It's no surprise that the tasting of the Domaine de la Romanée-Conti's latest release at Corney & Barrow's Tower of London offices took place in hushed tones. Yes, there's the reverence accorded to what the wine exchange Liv-ex calls 'the new darling of the fine wine trade', recently awarded number-one spot in its Top 10 global fine wine brands.
There's a sense, too, that in tough economic times, the astonishing prices commanded by the domaine are somewhat surreal. But the reverence is as much for the quiet authority of Aubert de Villaine, the man behind DRC.
A natural vigneron, de Villaine's scholarly demeanour is born out of a respect for the extraordinary power of nature. Becoming biodynamic was a reflection of that faith.
So much so that in talking about the 2010 vintage, he eschews easy positives in favour of the specific personality of the year. Dubbed 'great' by the media and the trade, 2010 was, for him, "difficult".
"It's not 2009, 2005 or 1999 with their solar expression but more Burgundian in that it shows the exoticism that exists in the vineyards." The twinkle in his mind's eye reflects on medieval times and the monks whose ascetic lives were occasionally featherbedded by exotic rewards.
De Villaine's charisma aside, that the DRC has become the ultimate collector's wine is the result of painstaking work, the exceptional terroir of Vosne-Romanée from which its six great pinot noirs spring and the limited quantities made. With an average of 7,310 cases of red wine, and just 430 of Romanée-Conti itself, the greatest of them all, DRC's red Burgundies are the ultimate limited editions that wine lovers and investors covet.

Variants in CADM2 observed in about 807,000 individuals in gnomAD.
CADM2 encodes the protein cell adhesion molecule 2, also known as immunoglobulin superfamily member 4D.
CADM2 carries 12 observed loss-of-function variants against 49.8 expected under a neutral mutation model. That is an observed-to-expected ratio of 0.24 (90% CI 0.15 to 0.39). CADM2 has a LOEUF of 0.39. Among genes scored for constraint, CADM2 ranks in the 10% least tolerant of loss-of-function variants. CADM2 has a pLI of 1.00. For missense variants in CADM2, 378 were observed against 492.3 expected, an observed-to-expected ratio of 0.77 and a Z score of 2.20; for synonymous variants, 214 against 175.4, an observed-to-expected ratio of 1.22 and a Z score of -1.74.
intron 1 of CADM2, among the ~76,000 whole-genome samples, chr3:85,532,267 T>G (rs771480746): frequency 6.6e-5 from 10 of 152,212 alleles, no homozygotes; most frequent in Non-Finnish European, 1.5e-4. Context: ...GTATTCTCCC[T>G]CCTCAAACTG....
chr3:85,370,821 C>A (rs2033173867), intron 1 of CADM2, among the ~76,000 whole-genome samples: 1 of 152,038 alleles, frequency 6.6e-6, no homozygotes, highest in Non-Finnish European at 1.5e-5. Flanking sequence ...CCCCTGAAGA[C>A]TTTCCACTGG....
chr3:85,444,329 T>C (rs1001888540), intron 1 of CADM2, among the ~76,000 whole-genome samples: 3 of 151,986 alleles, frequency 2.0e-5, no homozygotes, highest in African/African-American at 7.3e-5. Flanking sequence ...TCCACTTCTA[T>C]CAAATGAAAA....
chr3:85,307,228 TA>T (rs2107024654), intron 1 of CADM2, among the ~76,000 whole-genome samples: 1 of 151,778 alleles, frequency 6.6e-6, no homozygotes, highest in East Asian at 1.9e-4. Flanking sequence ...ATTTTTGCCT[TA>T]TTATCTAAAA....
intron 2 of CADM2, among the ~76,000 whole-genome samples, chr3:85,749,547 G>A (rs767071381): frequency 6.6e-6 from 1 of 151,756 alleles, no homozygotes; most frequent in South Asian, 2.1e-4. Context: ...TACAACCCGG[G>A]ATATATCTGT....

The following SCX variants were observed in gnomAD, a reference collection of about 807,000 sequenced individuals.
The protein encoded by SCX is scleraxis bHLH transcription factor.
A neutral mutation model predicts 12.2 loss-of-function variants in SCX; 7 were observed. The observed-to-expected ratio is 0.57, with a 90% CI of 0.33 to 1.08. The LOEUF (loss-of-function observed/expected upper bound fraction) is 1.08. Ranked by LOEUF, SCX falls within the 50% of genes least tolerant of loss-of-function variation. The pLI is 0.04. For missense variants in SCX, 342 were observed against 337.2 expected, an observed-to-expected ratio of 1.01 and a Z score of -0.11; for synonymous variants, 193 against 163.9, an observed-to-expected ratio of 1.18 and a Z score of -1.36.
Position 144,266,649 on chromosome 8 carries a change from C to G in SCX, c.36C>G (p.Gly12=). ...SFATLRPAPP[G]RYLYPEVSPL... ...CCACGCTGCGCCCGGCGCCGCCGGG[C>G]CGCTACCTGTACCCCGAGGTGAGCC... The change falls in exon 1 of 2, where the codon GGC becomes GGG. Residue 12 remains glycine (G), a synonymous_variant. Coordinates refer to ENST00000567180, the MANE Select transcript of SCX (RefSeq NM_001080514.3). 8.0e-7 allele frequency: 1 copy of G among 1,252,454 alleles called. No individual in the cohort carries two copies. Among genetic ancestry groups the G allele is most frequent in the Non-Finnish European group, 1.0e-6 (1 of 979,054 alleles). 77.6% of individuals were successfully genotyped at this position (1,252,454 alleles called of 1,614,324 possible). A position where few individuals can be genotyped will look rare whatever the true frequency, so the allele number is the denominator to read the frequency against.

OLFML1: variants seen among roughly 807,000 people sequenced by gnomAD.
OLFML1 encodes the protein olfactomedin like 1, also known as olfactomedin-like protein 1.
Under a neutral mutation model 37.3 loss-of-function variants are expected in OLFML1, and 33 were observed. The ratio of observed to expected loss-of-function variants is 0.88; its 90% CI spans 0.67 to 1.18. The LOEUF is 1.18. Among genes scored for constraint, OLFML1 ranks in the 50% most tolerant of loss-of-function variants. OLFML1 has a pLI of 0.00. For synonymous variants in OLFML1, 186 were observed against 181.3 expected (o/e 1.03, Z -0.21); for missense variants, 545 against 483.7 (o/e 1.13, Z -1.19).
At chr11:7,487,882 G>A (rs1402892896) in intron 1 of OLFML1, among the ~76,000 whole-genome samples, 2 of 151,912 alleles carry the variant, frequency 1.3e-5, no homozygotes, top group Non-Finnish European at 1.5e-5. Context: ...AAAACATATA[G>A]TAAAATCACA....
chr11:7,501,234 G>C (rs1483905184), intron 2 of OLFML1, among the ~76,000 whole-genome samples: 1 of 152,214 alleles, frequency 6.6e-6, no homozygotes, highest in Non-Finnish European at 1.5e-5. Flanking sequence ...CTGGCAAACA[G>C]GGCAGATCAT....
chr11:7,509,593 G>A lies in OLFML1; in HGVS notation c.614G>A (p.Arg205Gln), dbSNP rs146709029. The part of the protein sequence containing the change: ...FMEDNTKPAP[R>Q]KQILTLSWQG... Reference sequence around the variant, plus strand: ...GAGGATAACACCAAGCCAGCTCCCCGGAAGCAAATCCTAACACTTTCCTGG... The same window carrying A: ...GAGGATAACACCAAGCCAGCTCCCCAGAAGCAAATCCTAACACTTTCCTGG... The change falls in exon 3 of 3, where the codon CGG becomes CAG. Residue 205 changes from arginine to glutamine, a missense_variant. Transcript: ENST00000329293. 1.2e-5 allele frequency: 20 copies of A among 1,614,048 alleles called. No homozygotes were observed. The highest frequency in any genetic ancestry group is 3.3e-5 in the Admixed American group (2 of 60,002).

Compare that with last year's darling, Château Lafite's, 17,600 cases. Indeed, despite the DRC's face value of £37 million this year, Corney & Barrow's dutiful follow-up letter to disappointed applicants details precisely how many times the wines are oversubscribed.
De Villaine appears genuinely puzzled by all the attention. He claims only to sell to customers he hopes will drink the wine and Corney's Adam Brett Smith makes the point equally firmly. The reality is, however, that most of those lucky enough to own a bottle can't afford to drink it since it's become a luxury goods and investment vehicle.
Given that more than seven out of 10 bottles labelled Château Lafite in China are fake, it seems likely that DRC will suffer a similar fate, even though de Villaine has brought in a new guarantee of traceability for the 2010 vintage.
"When I started out, I never thought my business would be to fight fraud," says de Villaine. Now that he's learnt to live with Mother Nature, human nature is the next battleground.
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